This disconnect is most likely because 84-86% of politicians gather their insights into young people from family, friends, schools or contact with constituents, which strongly suggests they need to expand their frame of reference and seek insights from outside of their traditional networks.
As recovery plans are put in place, it is important that employers and politicians understand not only that these disconnects exist, but also that they need to do to make sure that the views of young people are properly represented.
In other words, if employers and politicians are to understand young people better and avoid the echo chamber effect, they need to actively use more reliable methods for information gathering across a broader cross-section of young people.
How are young people going to make up for lost time?
It isn’t just young people who believe work experience is a vital tool for helping them to make up for lost time, employers and politicians do too. Employers rated work experience as the most helpful catch-up activity for young people whilst politicians rated it as the most helpful non-academic activity to help young people recover from the effects of the pandemic.
While traditional work experience starts to be reintroduced as lockdown eases, there are still many factors to consider. The ‘pingdemic’ is leading to businesses having to send staff home or close altogether, which could lead to in-person work experience placements being postponed or cancelled. And similarly, young people contacted through track and trace would be unable to attend if required to self-isolate. Aside from this, there is still the issue of availability and accessibility of in-person placements as geography and cost can present very real barriers to participation for some young people and employers tend to be limited to lower intake numbers for physical placements.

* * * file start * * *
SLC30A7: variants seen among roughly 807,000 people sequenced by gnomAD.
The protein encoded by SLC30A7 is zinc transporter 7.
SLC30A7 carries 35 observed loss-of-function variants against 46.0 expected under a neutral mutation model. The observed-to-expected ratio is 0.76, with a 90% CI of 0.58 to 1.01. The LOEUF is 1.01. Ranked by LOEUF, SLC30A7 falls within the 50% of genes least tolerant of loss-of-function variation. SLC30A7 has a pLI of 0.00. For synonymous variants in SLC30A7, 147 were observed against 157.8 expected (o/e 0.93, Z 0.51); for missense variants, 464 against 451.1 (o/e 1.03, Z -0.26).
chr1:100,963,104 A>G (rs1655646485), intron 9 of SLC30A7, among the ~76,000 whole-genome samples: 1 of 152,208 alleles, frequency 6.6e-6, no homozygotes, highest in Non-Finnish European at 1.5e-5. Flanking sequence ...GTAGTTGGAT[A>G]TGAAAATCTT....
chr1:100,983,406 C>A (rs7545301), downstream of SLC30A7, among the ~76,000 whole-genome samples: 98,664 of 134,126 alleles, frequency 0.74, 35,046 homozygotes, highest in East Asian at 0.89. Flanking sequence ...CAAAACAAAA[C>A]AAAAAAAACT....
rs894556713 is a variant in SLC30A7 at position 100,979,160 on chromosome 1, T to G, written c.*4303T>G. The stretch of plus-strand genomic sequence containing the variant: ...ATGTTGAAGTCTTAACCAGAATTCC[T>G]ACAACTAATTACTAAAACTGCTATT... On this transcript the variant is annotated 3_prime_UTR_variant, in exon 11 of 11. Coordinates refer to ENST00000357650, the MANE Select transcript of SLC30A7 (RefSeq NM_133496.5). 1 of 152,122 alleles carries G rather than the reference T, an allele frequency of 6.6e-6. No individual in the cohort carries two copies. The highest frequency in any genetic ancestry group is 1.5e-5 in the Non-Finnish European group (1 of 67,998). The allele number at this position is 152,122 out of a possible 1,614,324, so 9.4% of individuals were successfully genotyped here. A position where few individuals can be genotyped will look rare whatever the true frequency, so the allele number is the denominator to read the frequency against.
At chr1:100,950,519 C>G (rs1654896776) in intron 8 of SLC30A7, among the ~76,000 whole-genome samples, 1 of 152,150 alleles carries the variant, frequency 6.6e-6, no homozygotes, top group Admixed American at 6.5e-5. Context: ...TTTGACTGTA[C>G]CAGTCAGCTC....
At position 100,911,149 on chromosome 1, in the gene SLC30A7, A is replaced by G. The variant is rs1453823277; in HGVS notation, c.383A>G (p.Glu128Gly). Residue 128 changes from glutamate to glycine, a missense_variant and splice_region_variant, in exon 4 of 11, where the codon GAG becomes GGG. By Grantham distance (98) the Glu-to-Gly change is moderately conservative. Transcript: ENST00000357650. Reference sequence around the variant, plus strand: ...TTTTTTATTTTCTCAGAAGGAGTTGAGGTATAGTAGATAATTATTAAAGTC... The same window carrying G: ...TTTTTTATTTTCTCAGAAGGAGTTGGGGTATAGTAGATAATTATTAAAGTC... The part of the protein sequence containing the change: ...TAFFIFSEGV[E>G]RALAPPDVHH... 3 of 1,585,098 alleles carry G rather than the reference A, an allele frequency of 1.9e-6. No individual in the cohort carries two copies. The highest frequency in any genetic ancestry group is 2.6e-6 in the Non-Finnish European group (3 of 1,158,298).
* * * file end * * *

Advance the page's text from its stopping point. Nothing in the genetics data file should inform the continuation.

Not so with online work experience. Virtual work experience removes the barriers of geography, cost for young people, and allows both employers and the young people to meet safely in a secure online setting either from the workplace or from home. And because it’s virtual it offers much more flexibility, enabling employers to upscale their outreach to increase the number of placements they offer and expand the catchment area to include young people from across the UK.
Young People Need Support
9/10 politicians agree that government support is needed to help young people recover from the impact of the pandemic. Right now, the government needs to listen to what young people have to say and start to work more closely with employers and non-profit organisations like Speakers for Schools to help make work experience more accessible, particularly for those with the highest need.
Speakers for Schools already have an extensive network of over 700 employers and work with almost 4,000 state secondary schools and colleges. In the last 18 months, the charity has offered over 56,000 online placements through its Virtual Work Experience programme and it intends to do even more for the coming academic year.